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Podcasts, Stories about life in Denmark, Working in Denmark: Danish Business Culture

Job Search in Denmark Part 3: Your Danish cover letter, plus LinkedIn, plus two magic words

In the era of online applications, face-to-face networking, and LinkedIn profiles, the Danish cover letter is a bit of a lost art.

Probably your future employer will ‘meet’ you via one of these other channels before they ever read the letter that is supposedly introducing you.

But it’s still worth writing, because it’s a chance to set the experience on your cv in the context of the job on offer.

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Podcasts, Stories about life in Denmark

More Snow Tomorrow: Surviving Winter as a Foreigner in Denmark

I’m looking out the window as I write, and it’s snowing again. It’s pretty, but it’s not a novelty anymore. It’s been like this for the past couple of weeks – Danish winter weather. Nearly every day, there’s fresh snow and ice.

When I wake up on winter mornings, it’s still pitch dark, very cold, and I can hear the wind whistling outside my window. Every day I think, “Ahhhh, I don’t want to get up.” But I do.

Of course, everyone in Denmark suffers a little bit during the winter. But I feel particularly bad for people who come from warmer climates and are experiencing one of their first winters here.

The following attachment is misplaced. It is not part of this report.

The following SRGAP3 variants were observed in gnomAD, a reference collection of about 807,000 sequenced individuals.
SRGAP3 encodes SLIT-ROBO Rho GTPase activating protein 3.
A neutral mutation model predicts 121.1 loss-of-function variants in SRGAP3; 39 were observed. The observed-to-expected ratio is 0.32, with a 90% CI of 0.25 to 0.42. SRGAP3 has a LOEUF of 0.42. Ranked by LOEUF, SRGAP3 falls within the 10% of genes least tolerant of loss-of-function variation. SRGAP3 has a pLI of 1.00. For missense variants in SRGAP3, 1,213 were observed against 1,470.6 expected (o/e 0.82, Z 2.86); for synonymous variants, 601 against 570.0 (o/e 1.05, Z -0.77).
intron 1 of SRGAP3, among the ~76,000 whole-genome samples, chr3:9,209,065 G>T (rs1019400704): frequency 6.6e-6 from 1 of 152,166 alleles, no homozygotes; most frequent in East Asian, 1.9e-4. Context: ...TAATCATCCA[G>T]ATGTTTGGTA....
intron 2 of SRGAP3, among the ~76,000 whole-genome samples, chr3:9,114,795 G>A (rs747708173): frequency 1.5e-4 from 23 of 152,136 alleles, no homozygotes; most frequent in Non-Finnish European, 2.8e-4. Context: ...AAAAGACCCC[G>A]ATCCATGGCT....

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Podcasts, Stories about life in Denmark

Inequality in Denmark: Private Schools and Migrants Who Sleep in Sandboxes

I was on Danish morning TV recently, which isn’t really something to boast about. In a country of 5 million people, 10 guests a show, 365 days a year – you do the math. Just about everyone gets on TV sooner or later.

Some of my friends and colleagues mentioned that they had seen me, stumbling through with my imperfect Danish, trying to promote my book, How to Live in Denmark. But just some of my friends and colleagues. Specifically, it was my friends and colleagues who work in trendy creative industries – advertising, app designers, actors.

That’s because I was on TV at 8:45 in the morning, when people in those industries are just getting out of bed in preparation to roll into the office around 10.

My friends who have more conventional office jobs, like working in a bank, have to be their desk at 9am, so some of them had seen teasers – you know, coming up next, someone who doesn’t speak Danish properly, trying to promote a book – but they hadn’t seen the show itself.

And my friends who do real, physical work had no idea I was on TV at all. Airport tarmac staff, postal carriers, builders. They start work at 7am. Or even earlier, as you’ll know if you’ve ever had your deep sleep interrupted by a Danish builder banging on something outside your house at, say, 5:30 in the morning.

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Podcasts, Stories about life in Denmark